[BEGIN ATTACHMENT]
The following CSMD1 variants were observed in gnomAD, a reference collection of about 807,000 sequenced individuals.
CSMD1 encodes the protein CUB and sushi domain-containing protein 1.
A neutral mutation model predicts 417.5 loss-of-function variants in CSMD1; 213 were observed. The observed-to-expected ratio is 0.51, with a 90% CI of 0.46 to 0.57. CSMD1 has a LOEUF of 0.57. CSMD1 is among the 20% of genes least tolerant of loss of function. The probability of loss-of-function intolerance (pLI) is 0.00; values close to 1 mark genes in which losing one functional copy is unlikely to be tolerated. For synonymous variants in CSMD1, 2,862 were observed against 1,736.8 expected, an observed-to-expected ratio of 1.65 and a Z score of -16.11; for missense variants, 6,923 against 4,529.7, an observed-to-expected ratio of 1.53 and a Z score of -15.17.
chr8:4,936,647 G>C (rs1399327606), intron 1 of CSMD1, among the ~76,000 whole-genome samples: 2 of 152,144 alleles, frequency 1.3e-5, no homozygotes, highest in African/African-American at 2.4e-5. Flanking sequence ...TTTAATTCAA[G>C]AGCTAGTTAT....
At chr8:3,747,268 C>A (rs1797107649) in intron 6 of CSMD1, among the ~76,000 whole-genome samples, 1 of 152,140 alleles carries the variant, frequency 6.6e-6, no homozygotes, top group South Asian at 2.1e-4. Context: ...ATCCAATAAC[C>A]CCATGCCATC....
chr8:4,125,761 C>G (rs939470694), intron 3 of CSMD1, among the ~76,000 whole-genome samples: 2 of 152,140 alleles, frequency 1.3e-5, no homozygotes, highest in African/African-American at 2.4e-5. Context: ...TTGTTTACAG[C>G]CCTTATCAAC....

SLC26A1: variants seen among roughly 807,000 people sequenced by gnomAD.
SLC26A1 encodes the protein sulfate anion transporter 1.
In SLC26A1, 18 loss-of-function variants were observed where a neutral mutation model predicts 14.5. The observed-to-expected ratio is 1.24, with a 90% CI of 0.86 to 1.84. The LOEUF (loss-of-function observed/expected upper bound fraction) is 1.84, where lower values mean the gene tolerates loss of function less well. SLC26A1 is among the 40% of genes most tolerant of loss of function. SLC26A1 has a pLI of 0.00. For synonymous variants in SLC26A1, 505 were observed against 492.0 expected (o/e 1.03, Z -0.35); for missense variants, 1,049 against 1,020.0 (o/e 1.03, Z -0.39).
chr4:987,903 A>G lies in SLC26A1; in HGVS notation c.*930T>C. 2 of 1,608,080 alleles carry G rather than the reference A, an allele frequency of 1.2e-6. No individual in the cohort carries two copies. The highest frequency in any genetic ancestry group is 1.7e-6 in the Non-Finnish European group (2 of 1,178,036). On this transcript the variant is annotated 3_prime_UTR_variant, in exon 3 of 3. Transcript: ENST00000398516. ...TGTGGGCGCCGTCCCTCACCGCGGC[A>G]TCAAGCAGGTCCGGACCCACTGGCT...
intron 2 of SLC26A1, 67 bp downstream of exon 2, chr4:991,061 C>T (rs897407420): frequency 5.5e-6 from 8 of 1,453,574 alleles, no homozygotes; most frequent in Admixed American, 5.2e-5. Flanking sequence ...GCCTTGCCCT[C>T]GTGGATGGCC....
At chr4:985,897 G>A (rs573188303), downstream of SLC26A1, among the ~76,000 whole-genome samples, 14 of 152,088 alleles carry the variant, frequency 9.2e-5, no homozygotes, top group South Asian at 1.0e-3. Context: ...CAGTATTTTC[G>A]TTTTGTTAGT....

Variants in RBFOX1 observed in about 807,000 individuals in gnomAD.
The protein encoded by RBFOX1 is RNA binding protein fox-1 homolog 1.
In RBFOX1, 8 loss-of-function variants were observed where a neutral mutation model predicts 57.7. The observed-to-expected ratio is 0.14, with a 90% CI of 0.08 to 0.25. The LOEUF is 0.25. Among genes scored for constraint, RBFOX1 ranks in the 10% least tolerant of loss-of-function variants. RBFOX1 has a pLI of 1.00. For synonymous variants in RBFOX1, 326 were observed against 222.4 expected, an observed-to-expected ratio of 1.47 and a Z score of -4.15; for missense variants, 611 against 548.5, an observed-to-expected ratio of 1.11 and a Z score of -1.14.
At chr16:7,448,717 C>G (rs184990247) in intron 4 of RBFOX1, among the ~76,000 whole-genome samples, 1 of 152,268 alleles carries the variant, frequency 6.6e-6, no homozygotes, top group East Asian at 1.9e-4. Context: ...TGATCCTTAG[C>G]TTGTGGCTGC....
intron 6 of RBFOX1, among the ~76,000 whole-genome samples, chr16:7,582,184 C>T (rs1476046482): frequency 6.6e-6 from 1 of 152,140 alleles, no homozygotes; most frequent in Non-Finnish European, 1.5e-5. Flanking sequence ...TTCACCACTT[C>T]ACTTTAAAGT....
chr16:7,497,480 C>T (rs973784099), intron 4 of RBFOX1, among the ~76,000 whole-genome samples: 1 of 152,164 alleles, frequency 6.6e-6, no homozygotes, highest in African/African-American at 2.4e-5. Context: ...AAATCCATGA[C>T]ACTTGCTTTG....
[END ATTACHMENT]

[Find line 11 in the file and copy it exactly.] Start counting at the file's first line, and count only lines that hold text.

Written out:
intron 2 of SLC26A1, 67 bp downstream of exon 2, chr4:991,061 C>T (rs897407420): frequency 5.5e-6 from 8 of 1,453,574 alleles, no homozygotes; most frequent in Admixed American, 5.2e-5. Flanking sequence ...GCCTTGCCCT[C>T]GTGGATGGCC....